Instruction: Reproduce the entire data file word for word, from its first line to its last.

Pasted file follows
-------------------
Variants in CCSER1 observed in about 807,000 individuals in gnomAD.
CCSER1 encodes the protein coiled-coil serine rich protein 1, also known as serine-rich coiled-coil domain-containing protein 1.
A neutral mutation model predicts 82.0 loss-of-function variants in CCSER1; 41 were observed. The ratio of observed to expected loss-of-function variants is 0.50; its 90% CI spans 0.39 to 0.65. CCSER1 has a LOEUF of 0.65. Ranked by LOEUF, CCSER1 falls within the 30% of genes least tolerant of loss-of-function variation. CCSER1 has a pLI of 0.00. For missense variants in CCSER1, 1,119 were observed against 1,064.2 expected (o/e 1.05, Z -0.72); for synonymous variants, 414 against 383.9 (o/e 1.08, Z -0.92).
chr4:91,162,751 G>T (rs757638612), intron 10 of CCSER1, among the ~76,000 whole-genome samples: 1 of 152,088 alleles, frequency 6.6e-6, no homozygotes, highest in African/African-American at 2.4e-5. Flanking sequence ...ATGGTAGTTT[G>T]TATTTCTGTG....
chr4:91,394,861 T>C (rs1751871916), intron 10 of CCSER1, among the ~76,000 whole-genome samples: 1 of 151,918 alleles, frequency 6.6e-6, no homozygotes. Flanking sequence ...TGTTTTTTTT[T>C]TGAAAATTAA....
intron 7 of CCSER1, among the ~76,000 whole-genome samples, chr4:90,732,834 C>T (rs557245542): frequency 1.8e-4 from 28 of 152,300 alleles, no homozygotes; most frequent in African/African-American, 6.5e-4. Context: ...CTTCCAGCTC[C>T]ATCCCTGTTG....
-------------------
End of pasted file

Variants in CCSER1 observed in about 807,000 individuals in gnomAD.
CCSER1 encodes the protein coiled-coil serine rich protein 1, also known as serine-rich coiled-coil domain-containing protein 1.
A neutral mutation model predicts 82.0 loss-of-function variants in CCSER1; 41 were observed. The ratio of observed to expected loss-of-function variants is 0.50; its 90% CI spans 0.39 to 0.65. CCSER1 has a LOEUF of 0.65. Ranked by LOEUF, CCSER1 falls within the 30% of genes least tolerant of loss-of-function variation. CCSER1 has a pLI of 0.00. For missense variants in CCSER1, 1,119 were observed against 1,064.2 expected (o/e 1.05, Z -0.72); for synonymous variants, 414 against 383.9 (o/e 1.08, Z -0.92).
chr4:91,162,751 G>T (rs757638612), intron 10 of CCSER1, among the ~76,000 whole-genome samples: 1 of 152,088 alleles, frequency 6.6e-6, no homozygotes, highest in African/African-American at 2.4e-5. Flanking sequence ...ATGGTAGTTT[G>T]TATTTCTGTG....
chr4:91,394,861 T>C (rs1751871916), intron 10 of CCSER1, among the ~76,000 whole-genome samples: 1 of 151,918 alleles, frequency 6.6e-6, no homozygotes. Flanking sequence ...TGTTTTTTTT[T>C]TGAAAATTAA....
intron 7 of CCSER1, among the ~76,000 whole-genome samples, chr4:90,732,834 C>T (rs557245542): frequency 1.8e-4 from 28 of 152,300 alleles, no homozygotes; most frequent in African/African-American, 6.5e-4. Context: ...CTTCCAGCTC[C>T]ATCCCTGTTG....